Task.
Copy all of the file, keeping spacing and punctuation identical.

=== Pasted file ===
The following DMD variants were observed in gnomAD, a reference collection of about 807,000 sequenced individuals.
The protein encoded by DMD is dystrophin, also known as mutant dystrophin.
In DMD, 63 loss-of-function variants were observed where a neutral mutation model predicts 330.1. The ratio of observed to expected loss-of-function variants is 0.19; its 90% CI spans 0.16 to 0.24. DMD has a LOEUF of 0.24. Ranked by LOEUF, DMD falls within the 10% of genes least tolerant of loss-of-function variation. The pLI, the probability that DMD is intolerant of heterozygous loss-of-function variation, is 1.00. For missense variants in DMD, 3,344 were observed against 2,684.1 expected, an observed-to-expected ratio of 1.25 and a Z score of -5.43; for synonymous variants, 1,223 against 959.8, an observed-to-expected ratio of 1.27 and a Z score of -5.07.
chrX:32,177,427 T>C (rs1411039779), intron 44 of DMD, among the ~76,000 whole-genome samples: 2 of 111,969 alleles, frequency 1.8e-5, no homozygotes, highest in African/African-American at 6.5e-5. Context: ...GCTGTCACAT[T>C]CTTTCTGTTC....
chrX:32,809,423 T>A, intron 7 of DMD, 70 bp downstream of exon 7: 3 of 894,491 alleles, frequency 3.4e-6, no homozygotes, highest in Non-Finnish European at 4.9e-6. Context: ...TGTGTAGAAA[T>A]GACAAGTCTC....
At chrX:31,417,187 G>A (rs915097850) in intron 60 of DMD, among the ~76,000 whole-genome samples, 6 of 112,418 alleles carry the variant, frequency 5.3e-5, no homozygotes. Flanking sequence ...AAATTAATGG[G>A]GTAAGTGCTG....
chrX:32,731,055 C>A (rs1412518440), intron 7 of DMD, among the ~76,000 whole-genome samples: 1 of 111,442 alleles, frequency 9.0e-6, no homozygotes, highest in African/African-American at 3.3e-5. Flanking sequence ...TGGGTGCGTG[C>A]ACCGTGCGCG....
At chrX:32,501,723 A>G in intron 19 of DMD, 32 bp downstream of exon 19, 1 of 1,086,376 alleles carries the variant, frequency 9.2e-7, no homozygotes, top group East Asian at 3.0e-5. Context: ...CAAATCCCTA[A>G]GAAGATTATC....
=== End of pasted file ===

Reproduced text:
The following DMD variants were observed in gnomAD, a reference collection of about 807,000 sequenced individuals.
The protein encoded by DMD is dystrophin, also known as mutant dystrophin.
In DMD, 63 loss-of-function variants were observed where a neutral mutation model predicts 330.1. The ratio of observed to expected loss-of-function variants is 0.19; its 90% CI spans 0.16 to 0.24. DMD has a LOEUF of 0.24. Ranked by LOEUF, DMD falls within the 10% of genes least tolerant of loss-of-function variation. The pLI, the probability that DMD is intolerant of heterozygous loss-of-function variation, is 1.00. For missense variants in DMD, 3,344 were observed against 2,684.1 expected, an observed-to-expected ratio of 1.25 and a Z score of -5.43; for synonymous variants, 1,223 against 959.8, an observed-to-expected ratio of 1.27 and a Z score of -5.07.
chrX:32,177,427 T>C (rs1411039779), intron 44 of DMD, among the ~76,000 whole-genome samples: 2 of 111,969 alleles, frequency 1.8e-5, no homozygotes, highest in African/African-American at 6.5e-5. Context: ...GCTGTCACAT[T>C]CTTTCTGTTC....
chrX:32,809,423 T>A, intron 7 of DMD, 70 bp downstream of exon 7: 3 of 894,491 alleles, frequency 3.4e-6, no homozygotes, highest in Non-Finnish European at 4.9e-6. Context: ...TGTGTAGAAA[T>A]GACAAGTCTC....
At chrX:31,417,187 G>A (rs915097850) in intron 60 of DMD, among the ~76,000 whole-genome samples, 6 of 112,418 alleles carry the variant, frequency 5.3e-5, no homozygotes. Flanking sequence ...AAATTAATGG[G>A]GTAAGTGCTG....
chrX:32,731,055 C>A (rs1412518440), intron 7 of DMD, among the ~76,000 whole-genome samples: 1 of 111,442 alleles, frequency 9.0e-6, no homozygotes, highest in African/African-American at 3.3e-5. Flanking sequence ...TGGGTGCGTG[C>A]ACCGTGCGCG....
At chrX:32,501,723 A>G in intron 19 of DMD, 32 bp downstream of exon 19, 1 of 1,086,376 alleles carries the variant, frequency 9.2e-7, no homozygotes, top group East Asian at 3.0e-5. Context: ...CAAATCCCTA[A>G]GAAGATTATC....